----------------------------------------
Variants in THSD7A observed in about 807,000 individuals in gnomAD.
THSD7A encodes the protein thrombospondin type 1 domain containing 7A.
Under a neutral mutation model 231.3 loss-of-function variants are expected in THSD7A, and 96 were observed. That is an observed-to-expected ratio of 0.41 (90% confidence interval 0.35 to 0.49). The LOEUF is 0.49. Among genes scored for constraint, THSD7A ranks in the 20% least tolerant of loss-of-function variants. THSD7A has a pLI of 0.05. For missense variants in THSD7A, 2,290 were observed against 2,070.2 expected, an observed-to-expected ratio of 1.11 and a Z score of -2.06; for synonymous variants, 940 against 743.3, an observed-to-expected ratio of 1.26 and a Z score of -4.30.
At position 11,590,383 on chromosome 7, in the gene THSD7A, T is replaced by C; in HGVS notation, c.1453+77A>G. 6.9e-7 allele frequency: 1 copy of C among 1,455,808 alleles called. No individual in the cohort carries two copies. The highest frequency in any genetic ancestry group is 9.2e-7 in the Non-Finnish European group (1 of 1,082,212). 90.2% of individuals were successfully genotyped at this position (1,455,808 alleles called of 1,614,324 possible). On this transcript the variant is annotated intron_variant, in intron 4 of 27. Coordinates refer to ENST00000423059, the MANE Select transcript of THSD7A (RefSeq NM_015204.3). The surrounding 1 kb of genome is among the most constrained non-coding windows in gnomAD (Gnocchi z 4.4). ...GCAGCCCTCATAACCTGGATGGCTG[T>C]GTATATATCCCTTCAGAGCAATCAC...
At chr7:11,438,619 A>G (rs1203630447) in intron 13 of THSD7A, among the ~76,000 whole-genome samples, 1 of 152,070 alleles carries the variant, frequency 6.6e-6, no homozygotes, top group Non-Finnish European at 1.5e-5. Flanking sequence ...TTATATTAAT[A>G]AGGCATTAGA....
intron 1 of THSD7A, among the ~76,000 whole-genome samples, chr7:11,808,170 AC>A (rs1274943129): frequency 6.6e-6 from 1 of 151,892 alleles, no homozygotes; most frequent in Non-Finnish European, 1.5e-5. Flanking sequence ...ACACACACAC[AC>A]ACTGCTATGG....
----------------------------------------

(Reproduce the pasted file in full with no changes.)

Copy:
Variants in THSD7A observed in about 807,000 individuals in gnomAD.
THSD7A encodes the protein thrombospondin type 1 domain containing 7A.
Under a neutral mutation model 231.3 loss-of-function variants are expected in THSD7A, and 96 were observed. That is an observed-to-expected ratio of 0.41 (90% confidence interval 0.35 to 0.49). The LOEUF is 0.49. Among genes scored for constraint, THSD7A ranks in the 20% least tolerant of loss-of-function variants. THSD7A has a pLI of 0.05. For missense variants in THSD7A, 2,290 were observed against 2,070.2 expected, an observed-to-expected ratio of 1.11 and a Z score of -2.06; for synonymous variants, 940 against 743.3, an observed-to-expected ratio of 1.26 and a Z score of -4.30.
At position 11,590,383 on chromosome 7, in the gene THSD7A, T is replaced by C; in HGVS notation, c.1453+77A>G. 6.9e-7 allele frequency: 1 copy of C among 1,455,808 alleles called. No individual in the cohort carries two copies. The highest frequency in any genetic ancestry group is 9.2e-7 in the Non-Finnish European group (1 of 1,082,212). 90.2% of individuals were successfully genotyped at this position (1,455,808 alleles called of 1,614,324 possible). On this transcript the variant is annotated intron_variant, in intron 4 of 27. Coordinates refer to ENST00000423059, the MANE Select transcript of THSD7A (RefSeq NM_015204.3). The surrounding 1 kb of genome is among the most constrained non-coding windows in gnomAD (Gnocchi z 4.4). ...GCAGCCCTCATAACCTGGATGGCTG[T>C]GTATATATCCCTTCAGAGCAATCAC...
At chr7:11,438,619 A>G (rs1203630447) in intron 13 of THSD7A, among the ~76,000 whole-genome samples, 1 of 152,070 alleles carries the variant, frequency 6.6e-6, no homozygotes, top group Non-Finnish European at 1.5e-5. Flanking sequence ...TTATATTAAT[A>G]AGGCATTAGA....
intron 1 of THSD7A, among the ~76,000 whole-genome samples, chr7:11,808,170 AC>A (rs1274943129): frequency 6.6e-6 from 1 of 151,892 alleles, no homozygotes; most frequent in Non-Finnish European, 1.5e-5. Flanking sequence ...ACACACACAC[AC>A]ACTGCTATGG....